Digital Photography For Dummies
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Aside from poor picture quality, the number-one printing complaint is that colors on the computer monitor don't match the ones that show up in print. When this problem occurs, most people assume that the printer is to blame, but in fact the most likely culprit is the monitor. If the monitor isn’t accurately calibrated, the colors it displays aren’t a true reflection of your image colors.

To ensure that the monitor is displaying photos on a neutral canvas, you can start with a software-based calibration utility, which is just a small program that guides you through the process of adjusting the monitor. The program displays various color swatches and other graphics and then asks you to provide feedback about what you see on the screen.

Both the Windows and Mac operating systems offer built-in calibration programs. If you use a Mac, look in the Displays section of the System Preferences dialog; the utility is called Display Calibrator Assistant. Windows 7 and 10 offer a similar tool named Display Color Calibration.

Software-based calibration isn’t ideal, however, because people’s eyes aren’t that reliable in judging color accuracy. For a more accurate calibration, you may want to invest in a device known as a colorimeter, which you attach to or hang on your monitor, to accurately measure and calibrate the display

Companies such as Datacolor and X-Rite sell this type of product along with other tools for ensuring better color matching. Here is the X-Rite ColorMunki Smile, for example, which has a suggested retail price of $109. As shown in the image, some products work with both laptop and desktop monitors, and some companies even offer tools designed for calibrating tablets. (Check the product specs to ensure compatibility with your screen and your computer or tablet's operating system.)

Courtesy of X-Rite, Incorporated For precise monitor calibration, invest in a colorimeter such as the ColorMunki Display from X-Rite.

Whichever route you go, the calibration process produces a monitor profile, which is a data file that tells your computer how to adjust the display to compensate for any monitor color casts. Your Windows or Mac operating system loads this file automatically whenever you start your computer. Your only responsibility is to perform the calibration every month or so, because monitor colors drift over time.

If your monitor is calibrated, color-matching problems may be caused by any of these other, secondary issues:
  • One of the print nozzles or heads is empty or clogged. Check the manual to find out how to perform the necessary maintenance to keep the nozzles or print heads in good shape.
  • You chose the wrong paper setting in your printer software. When you set up the print job, be sure to select the right setting from the paper-type option — glossy, matte, and so on. This setting affects how the printer lays down ink on the paper.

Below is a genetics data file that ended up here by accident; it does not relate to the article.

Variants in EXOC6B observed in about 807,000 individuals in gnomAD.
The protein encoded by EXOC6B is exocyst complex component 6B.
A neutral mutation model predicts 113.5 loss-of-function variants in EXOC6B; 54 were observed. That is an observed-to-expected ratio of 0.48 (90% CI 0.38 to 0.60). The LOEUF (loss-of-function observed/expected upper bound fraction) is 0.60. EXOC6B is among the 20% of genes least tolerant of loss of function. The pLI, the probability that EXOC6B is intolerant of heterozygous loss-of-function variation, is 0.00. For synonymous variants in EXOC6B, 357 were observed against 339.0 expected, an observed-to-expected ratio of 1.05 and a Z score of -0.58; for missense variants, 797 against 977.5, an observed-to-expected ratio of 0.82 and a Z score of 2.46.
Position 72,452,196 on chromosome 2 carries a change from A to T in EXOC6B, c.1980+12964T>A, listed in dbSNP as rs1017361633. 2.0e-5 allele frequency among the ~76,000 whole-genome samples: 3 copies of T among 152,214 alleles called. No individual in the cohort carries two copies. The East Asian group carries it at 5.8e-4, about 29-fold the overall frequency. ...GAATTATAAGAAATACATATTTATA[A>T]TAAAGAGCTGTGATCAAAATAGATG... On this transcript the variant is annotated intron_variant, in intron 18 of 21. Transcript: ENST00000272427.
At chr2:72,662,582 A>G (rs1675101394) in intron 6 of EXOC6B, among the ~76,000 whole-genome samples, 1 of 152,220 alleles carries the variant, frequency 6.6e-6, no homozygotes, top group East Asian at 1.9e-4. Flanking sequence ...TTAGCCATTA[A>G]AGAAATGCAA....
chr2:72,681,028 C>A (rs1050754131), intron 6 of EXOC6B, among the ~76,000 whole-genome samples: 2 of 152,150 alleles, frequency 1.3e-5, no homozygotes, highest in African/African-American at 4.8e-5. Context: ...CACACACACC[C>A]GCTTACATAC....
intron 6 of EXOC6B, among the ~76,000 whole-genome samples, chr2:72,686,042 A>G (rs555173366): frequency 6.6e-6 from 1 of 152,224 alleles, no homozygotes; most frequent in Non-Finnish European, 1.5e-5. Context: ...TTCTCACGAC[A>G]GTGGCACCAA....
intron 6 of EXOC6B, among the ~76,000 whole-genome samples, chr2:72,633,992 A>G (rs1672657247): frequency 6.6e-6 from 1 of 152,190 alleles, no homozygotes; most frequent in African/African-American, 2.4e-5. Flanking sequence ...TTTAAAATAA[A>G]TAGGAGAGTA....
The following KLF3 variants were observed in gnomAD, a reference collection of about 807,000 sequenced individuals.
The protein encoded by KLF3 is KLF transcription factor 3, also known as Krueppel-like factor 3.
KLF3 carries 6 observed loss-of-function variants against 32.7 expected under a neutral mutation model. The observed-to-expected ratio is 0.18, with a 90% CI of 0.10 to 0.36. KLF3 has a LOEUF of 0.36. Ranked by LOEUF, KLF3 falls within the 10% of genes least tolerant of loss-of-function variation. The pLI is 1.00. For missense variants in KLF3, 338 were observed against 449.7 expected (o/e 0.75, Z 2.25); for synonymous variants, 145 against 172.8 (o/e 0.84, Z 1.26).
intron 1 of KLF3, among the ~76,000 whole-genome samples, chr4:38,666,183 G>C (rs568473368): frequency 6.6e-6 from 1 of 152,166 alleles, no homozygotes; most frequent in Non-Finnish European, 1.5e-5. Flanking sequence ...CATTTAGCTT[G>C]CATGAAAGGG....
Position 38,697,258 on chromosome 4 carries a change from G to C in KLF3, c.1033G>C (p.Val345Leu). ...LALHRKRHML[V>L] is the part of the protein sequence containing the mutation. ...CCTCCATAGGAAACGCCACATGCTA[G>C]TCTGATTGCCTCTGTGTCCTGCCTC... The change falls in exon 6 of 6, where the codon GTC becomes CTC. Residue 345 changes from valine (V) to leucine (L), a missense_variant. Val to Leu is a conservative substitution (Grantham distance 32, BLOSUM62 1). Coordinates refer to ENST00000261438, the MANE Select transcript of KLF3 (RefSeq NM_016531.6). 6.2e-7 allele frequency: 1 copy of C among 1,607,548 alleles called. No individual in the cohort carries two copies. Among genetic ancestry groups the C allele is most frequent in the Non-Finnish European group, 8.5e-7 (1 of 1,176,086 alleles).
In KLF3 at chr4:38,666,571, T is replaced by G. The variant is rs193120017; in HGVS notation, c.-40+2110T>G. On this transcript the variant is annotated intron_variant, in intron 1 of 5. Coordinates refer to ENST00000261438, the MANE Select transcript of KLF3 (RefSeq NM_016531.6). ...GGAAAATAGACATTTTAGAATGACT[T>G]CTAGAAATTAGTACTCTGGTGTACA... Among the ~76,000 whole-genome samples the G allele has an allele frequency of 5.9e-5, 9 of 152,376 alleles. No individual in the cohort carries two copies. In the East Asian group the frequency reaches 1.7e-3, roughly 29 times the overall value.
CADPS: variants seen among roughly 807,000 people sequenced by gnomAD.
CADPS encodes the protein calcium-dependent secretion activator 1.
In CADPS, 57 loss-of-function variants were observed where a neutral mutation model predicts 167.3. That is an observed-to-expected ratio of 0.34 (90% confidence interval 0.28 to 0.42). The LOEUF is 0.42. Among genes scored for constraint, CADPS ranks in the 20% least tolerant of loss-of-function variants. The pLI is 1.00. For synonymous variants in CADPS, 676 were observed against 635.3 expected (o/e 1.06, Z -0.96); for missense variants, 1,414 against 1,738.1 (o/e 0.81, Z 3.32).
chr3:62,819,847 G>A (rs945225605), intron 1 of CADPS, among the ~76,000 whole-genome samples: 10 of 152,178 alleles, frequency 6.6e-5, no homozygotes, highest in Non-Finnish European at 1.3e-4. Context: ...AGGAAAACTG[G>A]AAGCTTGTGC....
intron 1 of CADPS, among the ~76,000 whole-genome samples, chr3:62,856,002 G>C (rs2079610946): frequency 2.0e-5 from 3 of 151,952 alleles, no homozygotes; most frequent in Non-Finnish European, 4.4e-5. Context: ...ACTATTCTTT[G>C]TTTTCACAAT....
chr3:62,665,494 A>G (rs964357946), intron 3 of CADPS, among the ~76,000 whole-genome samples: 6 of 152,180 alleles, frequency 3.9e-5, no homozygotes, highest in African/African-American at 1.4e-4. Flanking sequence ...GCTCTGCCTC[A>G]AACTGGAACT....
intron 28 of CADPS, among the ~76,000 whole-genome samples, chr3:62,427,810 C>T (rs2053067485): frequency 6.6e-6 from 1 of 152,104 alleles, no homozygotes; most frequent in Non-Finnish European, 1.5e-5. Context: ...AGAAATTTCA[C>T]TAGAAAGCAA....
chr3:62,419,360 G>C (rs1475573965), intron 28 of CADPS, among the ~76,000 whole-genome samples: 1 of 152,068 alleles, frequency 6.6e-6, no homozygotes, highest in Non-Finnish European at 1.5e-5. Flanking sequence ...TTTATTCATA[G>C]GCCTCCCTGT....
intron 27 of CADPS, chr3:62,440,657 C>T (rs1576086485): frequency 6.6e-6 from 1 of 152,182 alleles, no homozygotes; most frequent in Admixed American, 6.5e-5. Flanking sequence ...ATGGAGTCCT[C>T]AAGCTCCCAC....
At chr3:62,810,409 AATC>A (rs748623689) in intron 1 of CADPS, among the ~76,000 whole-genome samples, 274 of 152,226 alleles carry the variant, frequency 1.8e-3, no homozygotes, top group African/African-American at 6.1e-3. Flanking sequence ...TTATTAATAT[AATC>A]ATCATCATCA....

Some paper manufacturers provide ICC profiles, which are small data files that help your printer and computer better translate your image colors to the specific paper you're using. (ICC stands for International Color Consortium, the group that developed the universal color translator on which this system is based.) After you download and install the profiles, you should see the related paper types in the list of options in your printer settings dialog box.

If you're using paper made by the printer manufacturer, though, you don't usually have to take this step; the profiles are automatically added when you install the printer software during initial setup.

  • Your printer and photo software are fighting over color-management duties. Some photo programs offer features that enable the user to control how colors are handled as an image passes from camera to monitor to printer. Most printer software also offers color-management features. The problem is, if you enable color-management controls in both your photo software and your printer software, you can create conflicts that lead to wacky colors.

Unless you're schooled in color management, let your printer handle things. However, it's wise to do a few test prints to see whether results are better when you hand the job to your photo software. Check your photo software and printer manuals to find out the color-management options available to you and how to turn them on and off.

Even if all the aforementioned issues are resolved, however, don’t expect perfect color matching between printer and monitor. Printers simply can’t reproduce the entire spectrum of colors that a monitor can display. In addition, monitor colors always appear brighter because they are, after all, generated with light.

Finally, be sure to evaluate print colors and monitor colors in the same ambient light — daylight, office light, whatever — because that light source has its own influence on the colors you see. If your prints will be displayed in a gallery, you also should make sure that colors look good in whatever lighting the gallery uses. Ditto for prints you hang in your own home, of course.

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